Skip to main content

New Partnership Boosts Transition to Value-Based Care at Primary Care Practices

Analysis  |  By Christopher Cheney  
   August 08, 2022

The partnership between Elevance Health and Aledade features a shared risk model, with a budget for the total cost of care for a population of patients.

A new partnership between Elevance Health and Aledade is designed to foster the transition to value-based care at independent primary care practices.

Elevance Health features several health plans, with independent primary care practices participating in Elevance Health's networks serving 47 million health plan members. Aledade is a Bethesda, Maryland-based primary care physician enablement company.

The partnership between Elevance Health and Aledade centers on a value-based payment model, says Farzad Mostashari, MD, co-founder and CEO of Aledade. "It is shared risk. We have a budget for the total cost of care for a population of patients. If we can reduce hospitalizations and healthcare costs come in less than the budget, Aledade and the practices share the savings with the health plans."

The value-based payment model in the partnership between Elevance Health and Aledade has several advantages over the fee-for-service payment model, he says. "Value-based payment arrangements can pay primary care doctors more for their services if they provide superior experience and outcomes for the patients. It means we have much more of an ability to do same-day appointments. If a patient has a need, instead of sending them to the ER our practices tell patients, 'Call us first.' In addition, when patients show up, the primary care doctors know more about the patient's needs than in a traditional system because one of the things the payer does as part of these agreements is give us access to their full claims history for the patient. So, the primary care doctor knows more about what is going on with a patient."

The partnership also promotes more engaged primary care for the patient, Mostashari says. "When my mom went to the emergency room, her primary care doctor was not told about it and the primary care practice did not have a workflow for calling patients who had been to the ER. Our practices call the patient if they have gone to the emergency room within 48 hours, and they find out whether the patient is OK or feeling better. Our practices have the incentives, the data, and the workflows to provide better care."

Independent primary care practices can benefit financially from value-based care, he says. "Hospitalizations are very costly. If we can prevent hospitalizations by doing better primary care, that can generate a lot of money for a primary care practice. With better primary care and prevention, we reduce hospitalizations and the primary care practices get a piece of the savings by keeping patients out of the hospital. For our average primary care practice in 2021, the average payment from the Medicare Shared Savings Program was $200,000. That is a lot of money for a primary care practice."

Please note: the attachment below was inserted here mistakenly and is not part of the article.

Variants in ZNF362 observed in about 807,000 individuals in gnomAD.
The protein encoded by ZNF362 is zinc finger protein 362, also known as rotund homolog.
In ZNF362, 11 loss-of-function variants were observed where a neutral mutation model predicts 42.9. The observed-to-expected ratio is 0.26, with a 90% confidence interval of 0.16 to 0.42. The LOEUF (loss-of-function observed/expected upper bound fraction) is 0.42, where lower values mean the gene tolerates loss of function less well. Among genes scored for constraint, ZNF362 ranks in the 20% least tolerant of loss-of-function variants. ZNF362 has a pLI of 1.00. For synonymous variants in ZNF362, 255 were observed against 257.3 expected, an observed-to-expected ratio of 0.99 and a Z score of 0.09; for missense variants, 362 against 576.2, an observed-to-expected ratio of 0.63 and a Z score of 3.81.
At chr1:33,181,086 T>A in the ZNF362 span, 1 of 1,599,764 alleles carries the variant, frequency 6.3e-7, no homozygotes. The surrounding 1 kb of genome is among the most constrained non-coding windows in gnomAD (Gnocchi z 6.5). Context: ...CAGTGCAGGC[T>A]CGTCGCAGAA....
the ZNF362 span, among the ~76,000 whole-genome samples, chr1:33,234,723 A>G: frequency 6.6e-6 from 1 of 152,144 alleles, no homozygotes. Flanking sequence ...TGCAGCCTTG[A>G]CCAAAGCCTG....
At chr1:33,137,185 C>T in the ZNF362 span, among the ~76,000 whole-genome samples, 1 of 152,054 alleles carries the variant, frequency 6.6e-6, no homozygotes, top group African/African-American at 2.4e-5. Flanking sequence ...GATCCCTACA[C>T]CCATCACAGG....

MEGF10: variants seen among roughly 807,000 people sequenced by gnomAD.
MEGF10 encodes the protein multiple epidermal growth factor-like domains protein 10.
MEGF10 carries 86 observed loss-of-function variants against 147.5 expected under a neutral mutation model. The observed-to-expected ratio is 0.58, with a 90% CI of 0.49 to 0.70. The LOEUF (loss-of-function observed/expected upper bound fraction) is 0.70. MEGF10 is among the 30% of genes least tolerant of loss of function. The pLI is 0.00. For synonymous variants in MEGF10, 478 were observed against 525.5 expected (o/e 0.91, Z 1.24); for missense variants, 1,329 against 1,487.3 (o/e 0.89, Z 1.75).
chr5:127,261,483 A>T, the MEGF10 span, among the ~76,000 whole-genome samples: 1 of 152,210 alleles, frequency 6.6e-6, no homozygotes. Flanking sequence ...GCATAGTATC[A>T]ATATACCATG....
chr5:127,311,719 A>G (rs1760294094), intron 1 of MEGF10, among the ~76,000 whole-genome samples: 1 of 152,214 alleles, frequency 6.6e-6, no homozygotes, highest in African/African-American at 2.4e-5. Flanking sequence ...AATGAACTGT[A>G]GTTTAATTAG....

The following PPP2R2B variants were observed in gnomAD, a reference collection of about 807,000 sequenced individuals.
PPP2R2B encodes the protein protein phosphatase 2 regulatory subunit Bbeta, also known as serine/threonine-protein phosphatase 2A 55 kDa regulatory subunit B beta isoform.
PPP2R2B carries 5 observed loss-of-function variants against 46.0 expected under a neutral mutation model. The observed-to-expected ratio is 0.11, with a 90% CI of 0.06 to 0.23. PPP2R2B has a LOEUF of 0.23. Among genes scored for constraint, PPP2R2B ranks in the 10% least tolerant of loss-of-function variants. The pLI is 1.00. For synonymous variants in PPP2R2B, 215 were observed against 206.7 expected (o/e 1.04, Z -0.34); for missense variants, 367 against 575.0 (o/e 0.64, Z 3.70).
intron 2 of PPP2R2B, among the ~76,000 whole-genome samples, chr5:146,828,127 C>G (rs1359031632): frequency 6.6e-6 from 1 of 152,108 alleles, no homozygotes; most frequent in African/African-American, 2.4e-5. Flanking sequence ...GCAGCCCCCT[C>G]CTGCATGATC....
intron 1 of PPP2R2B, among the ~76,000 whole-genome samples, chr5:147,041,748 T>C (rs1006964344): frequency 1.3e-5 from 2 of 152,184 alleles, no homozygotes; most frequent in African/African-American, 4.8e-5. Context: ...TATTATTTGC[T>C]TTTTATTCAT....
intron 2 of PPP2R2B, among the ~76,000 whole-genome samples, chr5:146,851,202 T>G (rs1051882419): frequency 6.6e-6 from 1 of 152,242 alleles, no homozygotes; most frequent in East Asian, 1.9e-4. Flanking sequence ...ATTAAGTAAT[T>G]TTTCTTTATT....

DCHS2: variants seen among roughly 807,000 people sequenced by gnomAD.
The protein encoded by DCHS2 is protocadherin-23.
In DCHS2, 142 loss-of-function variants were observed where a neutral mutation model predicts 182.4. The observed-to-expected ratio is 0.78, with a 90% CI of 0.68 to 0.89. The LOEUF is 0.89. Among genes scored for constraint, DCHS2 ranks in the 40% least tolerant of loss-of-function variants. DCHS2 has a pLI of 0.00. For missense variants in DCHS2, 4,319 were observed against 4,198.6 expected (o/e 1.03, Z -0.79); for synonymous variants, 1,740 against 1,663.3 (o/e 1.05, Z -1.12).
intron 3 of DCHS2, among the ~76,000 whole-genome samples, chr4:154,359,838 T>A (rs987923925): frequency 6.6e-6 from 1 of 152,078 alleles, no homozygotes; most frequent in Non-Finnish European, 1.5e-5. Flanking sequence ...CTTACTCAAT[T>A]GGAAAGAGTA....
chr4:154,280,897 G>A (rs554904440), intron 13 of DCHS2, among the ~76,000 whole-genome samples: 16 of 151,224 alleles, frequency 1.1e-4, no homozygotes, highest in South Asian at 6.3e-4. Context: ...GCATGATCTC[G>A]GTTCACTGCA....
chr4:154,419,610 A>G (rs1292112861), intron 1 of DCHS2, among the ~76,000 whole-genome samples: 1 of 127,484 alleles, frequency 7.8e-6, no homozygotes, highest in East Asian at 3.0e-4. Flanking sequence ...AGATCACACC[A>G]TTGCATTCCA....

Improving finances is essential to sustaining independent primary care practices, Mostashari says. "At the end of the day, if we want to maintain independent primary care, we have to pay for it. Instead of squeezing practices out of existence or having them join a health system, which reduces choice and competition, primary care practices can make more money keeping patients healthy and out of the hospital. That is what doctors went to medical school to do."

The partnership between Elevance Health and Aledade also eases frictions between health plans and primary care practices, he says. "The practices are now on the same side with the payer. There are the same incentives—the payer is no longer concerned that the practices are going to drive up costs or provide unnecessary services because the doctors now have the same incentives on total cost of care. The payers can ease up on some of the administrative burdens that make doctors miserable. For example, there is less prior authorization. The payers do prior authorizations because they want to limit unnecessary procedures and medications; but doctors who are in our program have an expedited prior authorization process for hundreds of services."

Aledade gives independent primary care practices tools, support, and resources to make the shift to value-based care, Mostashari says. "That is what we were founded to do. That is how we serve independent primary care practices. We strive to be the 'easy button' for the practices so that they do not have to figure out how to get data out of the electronic medical record, they do not have to figure out how to connect with the health information exchange, and they do not have to understand the various options in government programs. They do not pay us a dime. We get paid when there are shared savings. There is no upfront cost."

Related: Value-Based Care Advances, but Transition Proves Challenging

Christopher Cheney is the senior clinical care​ editor at HealthLeaders.


KEY TAKEAWAYS

The new partnership has the potential to deliver value-based care for millions of health plan members.

One of the goals of the new partnership is to reduce hospitalizations through better primary care and prevention services.

Primary care practices can improve their finances through value-based care, says Farzad Mostashari, MD, co-founder and CEO of Aledade.


Get the latest on healthcare leadership in your inbox.